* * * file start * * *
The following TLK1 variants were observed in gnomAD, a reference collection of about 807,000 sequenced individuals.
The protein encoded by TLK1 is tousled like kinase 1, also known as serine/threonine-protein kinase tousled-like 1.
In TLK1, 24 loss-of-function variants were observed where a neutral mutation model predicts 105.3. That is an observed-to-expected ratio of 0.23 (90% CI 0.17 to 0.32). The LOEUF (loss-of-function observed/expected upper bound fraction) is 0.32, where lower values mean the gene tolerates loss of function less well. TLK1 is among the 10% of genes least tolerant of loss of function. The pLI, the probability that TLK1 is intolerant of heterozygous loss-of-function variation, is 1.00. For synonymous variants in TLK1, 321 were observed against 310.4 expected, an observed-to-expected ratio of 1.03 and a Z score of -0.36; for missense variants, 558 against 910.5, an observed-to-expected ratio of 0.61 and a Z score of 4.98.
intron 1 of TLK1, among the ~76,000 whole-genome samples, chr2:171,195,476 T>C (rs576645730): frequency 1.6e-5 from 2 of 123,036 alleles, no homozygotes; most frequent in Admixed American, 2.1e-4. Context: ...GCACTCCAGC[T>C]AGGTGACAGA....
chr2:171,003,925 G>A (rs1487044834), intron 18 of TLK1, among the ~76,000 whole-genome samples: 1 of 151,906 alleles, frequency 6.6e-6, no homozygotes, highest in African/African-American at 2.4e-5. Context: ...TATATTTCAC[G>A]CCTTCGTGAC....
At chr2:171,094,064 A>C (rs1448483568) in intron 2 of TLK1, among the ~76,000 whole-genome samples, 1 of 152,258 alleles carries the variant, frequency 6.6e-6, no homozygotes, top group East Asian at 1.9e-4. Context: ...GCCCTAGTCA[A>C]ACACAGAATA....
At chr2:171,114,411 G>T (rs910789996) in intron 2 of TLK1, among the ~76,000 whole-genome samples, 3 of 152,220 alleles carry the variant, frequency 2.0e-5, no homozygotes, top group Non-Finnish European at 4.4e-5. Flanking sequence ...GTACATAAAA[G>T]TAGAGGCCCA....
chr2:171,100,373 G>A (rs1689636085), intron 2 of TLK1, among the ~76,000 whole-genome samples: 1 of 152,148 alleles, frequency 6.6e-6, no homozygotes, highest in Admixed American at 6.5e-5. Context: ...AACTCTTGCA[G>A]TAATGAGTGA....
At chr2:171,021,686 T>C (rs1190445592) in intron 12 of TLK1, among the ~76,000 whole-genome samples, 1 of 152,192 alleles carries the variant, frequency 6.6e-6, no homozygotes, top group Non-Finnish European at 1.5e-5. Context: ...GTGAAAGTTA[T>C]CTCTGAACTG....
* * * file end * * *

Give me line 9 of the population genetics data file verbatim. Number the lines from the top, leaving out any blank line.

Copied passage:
At chr2:171,021,686 T>C (rs1190445592) in intron 12 of TLK1, among the ~76,000 whole-genome samples, 1 of 152,192 alleles carries the variant, frequency 6.6e-6, no homozygotes, top group Non-Finnish European at 1.5e-5. Context: ...GTGAAAGTTA[T>C]CTCTGAACTG....